Survey Says: Tax Policy a Factor in Where 88% of Businesses Locate, Invest

03.03.2015
Economy

For better or worse, Connecticut’s tax policy is a significant factor in businesses’ decisions to invest and locate here. That’s according to fourth-quarter results of CBIA’s Economic & Credit Availability Survey, conducted in collaboration with Farmington Bank and DataCore Partners LLC.
The question of the quarter asked, “How important is the state’s tax policy, both business and individual, in your company’s investment and location decisions?”
Sixty-one percent of respondents said it was very important, and another 27% characterized it as somewhat important.
Most businesses surveyed (57%) made capital investments in the fourth quarter of 2014, 34% used financing to meet their credit needs, and 15% said credit availability was a problem.
Other key findings:

  • 39% of businesses surveyed expect their company performance to improve, up four percentage points over the previous quarter (35%).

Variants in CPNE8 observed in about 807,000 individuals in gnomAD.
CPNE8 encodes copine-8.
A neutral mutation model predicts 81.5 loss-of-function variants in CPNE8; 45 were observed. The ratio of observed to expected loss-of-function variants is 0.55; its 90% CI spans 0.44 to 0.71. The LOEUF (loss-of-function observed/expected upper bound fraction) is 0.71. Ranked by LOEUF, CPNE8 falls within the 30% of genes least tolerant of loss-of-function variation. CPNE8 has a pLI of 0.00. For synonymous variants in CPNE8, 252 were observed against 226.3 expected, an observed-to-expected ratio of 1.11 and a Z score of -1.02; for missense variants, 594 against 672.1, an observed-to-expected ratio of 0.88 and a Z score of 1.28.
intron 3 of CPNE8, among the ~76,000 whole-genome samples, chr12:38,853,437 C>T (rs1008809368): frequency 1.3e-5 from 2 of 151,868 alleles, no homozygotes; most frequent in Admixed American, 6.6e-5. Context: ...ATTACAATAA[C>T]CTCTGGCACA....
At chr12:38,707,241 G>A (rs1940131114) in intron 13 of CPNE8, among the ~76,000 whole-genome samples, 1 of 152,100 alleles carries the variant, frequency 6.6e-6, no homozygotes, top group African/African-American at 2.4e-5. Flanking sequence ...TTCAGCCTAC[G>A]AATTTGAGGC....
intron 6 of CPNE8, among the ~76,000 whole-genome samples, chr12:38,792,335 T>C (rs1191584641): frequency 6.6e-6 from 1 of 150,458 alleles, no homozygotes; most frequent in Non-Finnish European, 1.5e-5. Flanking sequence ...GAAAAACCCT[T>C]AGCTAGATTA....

• Fewer businesses in the fourth quarter expected their performance to erode (12%) compared to the previous quarter (18%).
  • Similarly, expectations for growing their workforce were more optimistic in the fourth quarter (28% of companies anticipating some improvement, versus 25% in the third quarter). Whereas 16% had negative expectations for the size of their workforce in the previous quarter, this quarter it was 11%.
  • Nearly half of the companies surveyed (48%) expect conditions for their firm to remain stable, and 62% expect their workforce to remain stable.
  • Credit conditions showed slight improvement over the previous quarter: 30% of businesses characterize the lending climate as good or excellent, 50% call it average, 16% consider it fair, and 5% say it’s poor. (In the previous quarter, 13% of respondents said credit conditions were poor.)
  • Expectations for the next three months remain unchanged: 29% believe Connecticut’s lending climate will improve, 21% anticipate a decline, and half expect things to stay the same.
  • Bank loans and lines of credit are by far the most common type of financing used by businesses surveyed (81%), with vendor credit and credit cards a distant second and third (22% and 20% of businesses, respectively).
  • Working capital for day-to-day operations is the greatest need (identified by 35% of respondents), followed by capital for machinery and equipment purchases (19%).

The majority of respondents (75%) were small companies employing fewer than 50 people. Half were either manufacturers or business/professional service providers.

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